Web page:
Inside Macy’s plan to scale its budding retail media business

    Macy’s is betting bigger on its retail media network at a transitional point for digital marketing that has seen rivals chase similar ambitions. The push also arrives as Macy’s vies for a reinvention on the consumer-facing end, with a new “Own Your Style” brand platform unveiled last week that carries streamlined web design and a spotlight on personalization.

    With a more robust suite of ad products on tap, the department store chain’s retail media team is narrowing in on richer media formats and plans to launch a self-service marketplace later this year. Helping enable the unit’s speed and scaling efforts is Macy’s focus on handling most operations internally, according to executives.

    “Maturity of retail media networks is really driven by the extent to which core functions are in house,” said Melanie Zimmermann, vice president of the Macy’s Media Network and the head of its dedicated in-house agency unit.

    Zimmermann, a longtime Macy’s veteran with prior roles in corporate strategy and analytics, was brought on to grow the retail media network nearly from scratch two years ago. She previously helped develop Backstage, an off-price concept Macy’s debuted in 2015, and the retailer’s revamped loyalty program. Retail media networks have become a hot item across the industry, with companies including Walmart, Target, Albertsons, Kroger, Walgreens, Nordstrom, CVS and Best Buy among the pack.

    Macy’s Media Network hit the market in August of 2020 and has quickly built out its tech capabilities as brands seek out alternatives to digital stalwarts like Facebook and Google. For the full year of 2021, the platform generated $105 million in net revenue. Advertiser count grew 2.8 times year-on-year in the key fourth quarter, while the number of campaigns running quadrupled (though there was only one prior period to measure against).

    “We’ve been able to grow the number of clients we’re working with substantially, and at the same time, we were able to substantially increase the year-over-year investment,” said Zimmermann. “It’s a combination of expanding to a broader number of vendors across different categories, plus significant increases in both contained count and average budget sizes, that helped us exceed expectations.”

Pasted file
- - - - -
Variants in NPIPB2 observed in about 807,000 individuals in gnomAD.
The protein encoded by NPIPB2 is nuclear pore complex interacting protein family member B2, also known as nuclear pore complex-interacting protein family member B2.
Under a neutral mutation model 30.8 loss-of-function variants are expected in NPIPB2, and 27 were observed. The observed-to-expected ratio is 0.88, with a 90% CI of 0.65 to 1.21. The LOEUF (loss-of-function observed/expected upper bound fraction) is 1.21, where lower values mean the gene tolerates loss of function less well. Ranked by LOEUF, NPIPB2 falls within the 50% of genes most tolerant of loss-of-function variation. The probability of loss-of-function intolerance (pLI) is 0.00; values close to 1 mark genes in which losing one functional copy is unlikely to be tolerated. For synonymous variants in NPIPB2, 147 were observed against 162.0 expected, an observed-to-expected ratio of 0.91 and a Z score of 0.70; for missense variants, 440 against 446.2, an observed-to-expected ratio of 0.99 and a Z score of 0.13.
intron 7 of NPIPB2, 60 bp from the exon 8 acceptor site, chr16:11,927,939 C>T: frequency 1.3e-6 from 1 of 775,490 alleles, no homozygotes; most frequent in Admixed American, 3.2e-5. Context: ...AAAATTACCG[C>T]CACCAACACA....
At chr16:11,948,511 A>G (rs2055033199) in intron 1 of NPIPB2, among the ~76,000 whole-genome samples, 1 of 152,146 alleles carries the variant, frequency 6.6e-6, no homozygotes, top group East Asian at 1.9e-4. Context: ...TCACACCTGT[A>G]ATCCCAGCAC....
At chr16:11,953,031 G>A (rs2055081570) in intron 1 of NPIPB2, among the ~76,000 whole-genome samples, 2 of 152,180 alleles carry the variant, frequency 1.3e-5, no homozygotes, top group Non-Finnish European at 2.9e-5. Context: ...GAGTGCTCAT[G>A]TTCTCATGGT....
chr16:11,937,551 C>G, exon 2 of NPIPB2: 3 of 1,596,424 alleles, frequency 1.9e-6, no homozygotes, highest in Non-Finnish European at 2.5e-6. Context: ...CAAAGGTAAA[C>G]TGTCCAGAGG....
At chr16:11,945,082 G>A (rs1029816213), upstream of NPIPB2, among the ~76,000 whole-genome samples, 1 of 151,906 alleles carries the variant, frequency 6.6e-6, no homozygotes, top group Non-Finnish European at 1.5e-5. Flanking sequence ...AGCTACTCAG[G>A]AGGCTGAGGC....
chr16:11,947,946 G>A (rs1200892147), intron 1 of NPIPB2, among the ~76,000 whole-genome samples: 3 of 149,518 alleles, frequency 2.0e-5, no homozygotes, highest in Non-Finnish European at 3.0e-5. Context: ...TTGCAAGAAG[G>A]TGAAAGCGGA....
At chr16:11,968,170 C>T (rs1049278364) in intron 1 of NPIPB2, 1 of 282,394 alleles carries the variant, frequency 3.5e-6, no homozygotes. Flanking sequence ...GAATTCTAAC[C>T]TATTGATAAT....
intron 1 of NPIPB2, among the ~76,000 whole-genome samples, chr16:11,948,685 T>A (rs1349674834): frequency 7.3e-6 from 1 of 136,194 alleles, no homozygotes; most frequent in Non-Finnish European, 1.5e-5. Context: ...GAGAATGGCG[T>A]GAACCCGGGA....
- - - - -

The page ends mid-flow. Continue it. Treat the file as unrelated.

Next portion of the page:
A Macy’s spokesperson declined to share hard figures on Macy’s customer base and campaign count. Spending on retail media in the U.S. doubled to $40 billion last year, according to research from Winterberry Group.

    While Macy’s has offered some form of sponsored product ads since at least 2015, the Macy’s Media Network today wields a wider variety of options. On-site, sponsored and display ads are easily the most popular, per Zimmermann. Macy’s last year rolled out modular campaign landing pages with basic templates for smaller advertisers, features like style guides and shop-the-look for those with medium-sized budgets, and fully customized packages for the largest brands. Off-site, Macy’s leverages channels such as programmatic display, video-connected television, online video and email advertising, as well as physical collateral like in-store screens, package inserts and an iconic billboard in New York City’s Herald Square.

    In the digital sphere at least, designing more tailored, interactive experiences is now taking precedence over ad saturation.

    “There are not a lot of extra placements we can find. The next part of our journey is to make those placements even richer and [more] inspirational,” said Zimmermann, noting there are about 40 placements on and 23 on The latter site added Macy’s Media Network services last year.

    Some ideas in the cards include integrating quizzes or guided shopping into landing pages. Shoppable video is another project for both on- and off-site channels.


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